It’s been a little while since the last time we talked about Craigslist alternatives, but once again you’ve fallen out of love with some items in your closet, and gotten some new electronics that make you less interested in your older ones.
It’s time to sell some things—but where can you go these days that still isn’t Craigslist?
Craigslist has the same issues it’s always had. You communicate with a stranger, and have to meet them face to face, putting yourself in some danger, and opening yourself to the possibility of being scammed.
Thankfully, the internet is a big place, and has some great alternatives to Craigslist, in both website and app form. We’ve showcased three of these places before, which remain pretty good options—OfferUp in particular is still relatively popular, so you might just find whatever you’re selling a new home there. But some time has passed since the last list, and with that, comes a shift in popularity, and time for new sites and apps to take over.
Below are another three places other than Craigslist to buy and sell used items. Many of these places are better than Craigslist because they take away the need to meet in person, they make anonymity (and therefore bad intentions) more difficult, and they make sellers more accountable for their products and advertising. Hopefully you’ll find the perfect place to start selling your used items, and start cleaning out your closet and garage again in a safe and happy way.
Poshmark has taken the internet by storm as the ultimate place to buy and sell used fashion items. Selling on Poshmark is easy. You take a picture of your item in the Poshmark app (or set it up via your account on the website), set a price, and wait for your item to be purchased.
There are events called “Posh Parties” within the app that allow you to list your items along a theme or brand to help buyers with particular interests find what you’re selling, increasing the chances of it being seen, and purchased.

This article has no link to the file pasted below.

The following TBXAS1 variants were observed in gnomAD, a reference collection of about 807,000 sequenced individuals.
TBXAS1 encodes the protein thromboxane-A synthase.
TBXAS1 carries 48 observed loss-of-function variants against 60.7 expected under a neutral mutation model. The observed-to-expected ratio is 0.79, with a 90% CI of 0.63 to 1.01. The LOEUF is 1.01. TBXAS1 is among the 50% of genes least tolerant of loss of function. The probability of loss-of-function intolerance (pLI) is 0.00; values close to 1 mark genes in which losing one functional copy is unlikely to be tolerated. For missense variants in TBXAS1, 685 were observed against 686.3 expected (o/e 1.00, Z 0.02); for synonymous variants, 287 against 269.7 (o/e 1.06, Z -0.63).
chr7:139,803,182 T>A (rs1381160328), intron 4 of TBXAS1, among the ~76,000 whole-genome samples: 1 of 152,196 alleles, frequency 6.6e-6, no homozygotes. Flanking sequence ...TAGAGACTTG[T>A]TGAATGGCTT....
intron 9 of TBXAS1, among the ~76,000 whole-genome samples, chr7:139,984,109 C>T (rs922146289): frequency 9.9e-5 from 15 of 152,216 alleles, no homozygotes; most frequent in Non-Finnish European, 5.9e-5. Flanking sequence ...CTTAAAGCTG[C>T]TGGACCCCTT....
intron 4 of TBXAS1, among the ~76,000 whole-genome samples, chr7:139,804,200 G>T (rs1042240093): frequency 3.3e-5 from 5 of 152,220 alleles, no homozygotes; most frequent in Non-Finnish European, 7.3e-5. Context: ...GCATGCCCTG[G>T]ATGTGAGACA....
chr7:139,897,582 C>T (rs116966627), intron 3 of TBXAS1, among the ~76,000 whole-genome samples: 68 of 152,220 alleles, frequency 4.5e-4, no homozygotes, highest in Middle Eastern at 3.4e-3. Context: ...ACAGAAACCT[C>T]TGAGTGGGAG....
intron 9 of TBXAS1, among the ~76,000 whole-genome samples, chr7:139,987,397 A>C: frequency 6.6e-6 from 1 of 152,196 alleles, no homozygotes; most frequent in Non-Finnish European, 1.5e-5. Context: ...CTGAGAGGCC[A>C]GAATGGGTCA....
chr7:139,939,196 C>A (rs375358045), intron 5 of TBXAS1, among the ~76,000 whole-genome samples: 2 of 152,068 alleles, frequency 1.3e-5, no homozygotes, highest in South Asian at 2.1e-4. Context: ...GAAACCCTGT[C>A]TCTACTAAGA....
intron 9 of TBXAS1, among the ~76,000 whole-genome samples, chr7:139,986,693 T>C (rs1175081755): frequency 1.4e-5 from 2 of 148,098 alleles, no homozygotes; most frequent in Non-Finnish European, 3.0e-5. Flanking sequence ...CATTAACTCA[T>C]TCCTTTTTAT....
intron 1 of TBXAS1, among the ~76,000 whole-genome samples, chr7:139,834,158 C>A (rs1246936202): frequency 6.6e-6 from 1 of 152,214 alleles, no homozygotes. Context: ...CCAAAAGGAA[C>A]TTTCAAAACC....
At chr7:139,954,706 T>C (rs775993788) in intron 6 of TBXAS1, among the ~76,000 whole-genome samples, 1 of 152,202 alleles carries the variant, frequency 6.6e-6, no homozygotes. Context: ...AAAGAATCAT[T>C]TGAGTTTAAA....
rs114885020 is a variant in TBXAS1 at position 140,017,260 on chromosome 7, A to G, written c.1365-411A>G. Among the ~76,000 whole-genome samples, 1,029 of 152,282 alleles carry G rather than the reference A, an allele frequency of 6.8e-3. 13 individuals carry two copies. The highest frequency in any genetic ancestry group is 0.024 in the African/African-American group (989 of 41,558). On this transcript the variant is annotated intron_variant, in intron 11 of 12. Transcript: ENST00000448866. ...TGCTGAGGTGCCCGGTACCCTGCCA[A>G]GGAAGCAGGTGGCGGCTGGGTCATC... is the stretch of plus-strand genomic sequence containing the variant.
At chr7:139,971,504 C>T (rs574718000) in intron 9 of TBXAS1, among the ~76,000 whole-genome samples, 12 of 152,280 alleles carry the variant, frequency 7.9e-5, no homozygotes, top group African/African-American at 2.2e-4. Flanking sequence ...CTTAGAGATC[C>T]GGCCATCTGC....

Once the item is purchased, Poshmark then provides a pre-paid, pre-addressed label to place on the box you mail the item in, and all you have to do is get the item to the post office, or have USPS pick up the package.
This is some of the easiest posting, advertising, and selling you’ll find in the used item selling space, and because you’re shipping, you can find a customer anywhere in the country or world to buy your item, with no need to worry about being within driving distance, or ever having to meet another person face to face.
If you’re worried that the low amount of person to person contact, or Poshmark’s lack of user rating system might result in getting a bad item, Poshmark has you covered. The company puts “Posh Protect” on all items, guaranteeing refunds to buyers if an item has undisclosed damage, isn’t as described, isn’t authentic, or when the item delivered is incorrect or missing from the package.
Poshmark also offers “Posh Authenticate,” which is free item authentication (and free shipping!) on items and purchases of $500 or more. This authentication allows buyers to confirm they are getting exactly what they purchased, particularly with luxury, designer items, and allows sellers to verify the legitimacy of their products.
So unlike with Craigslist, as a buyer, you’re pretty much guaranteed to get what you’re paying for, and it’ll arrive right at your door. And as a seller, you don’t have to worry about unfair ratings, or messing up shipping—Poshmark handles most everything.
If what you like about Craigslist is the ability to shop locally, and being able to buy pretty much anything, Letgo might be the site/app for you. Like Craigslist, Letgo is an online classifieds listing, only unlike Craigslist, it exclusively offers items (Craigslist also offers services).
When you’re in the app, or just looking at the site, you see all the latest items available for purchase in your area, and their prices, and you can declare your interest in buying them once you log in or create an account.
As a seller, Letgo offers a cool feature of identifying the type of item you’re photographing for your listing, and automatically builds the listing accordingly.
For example, if you’re selling a laptop, the app will be able to identify the item as a laptop, and do all the categorizing for you to ensure you’re getting the maximum number of buyers who might be looking for laptops or electronics at once.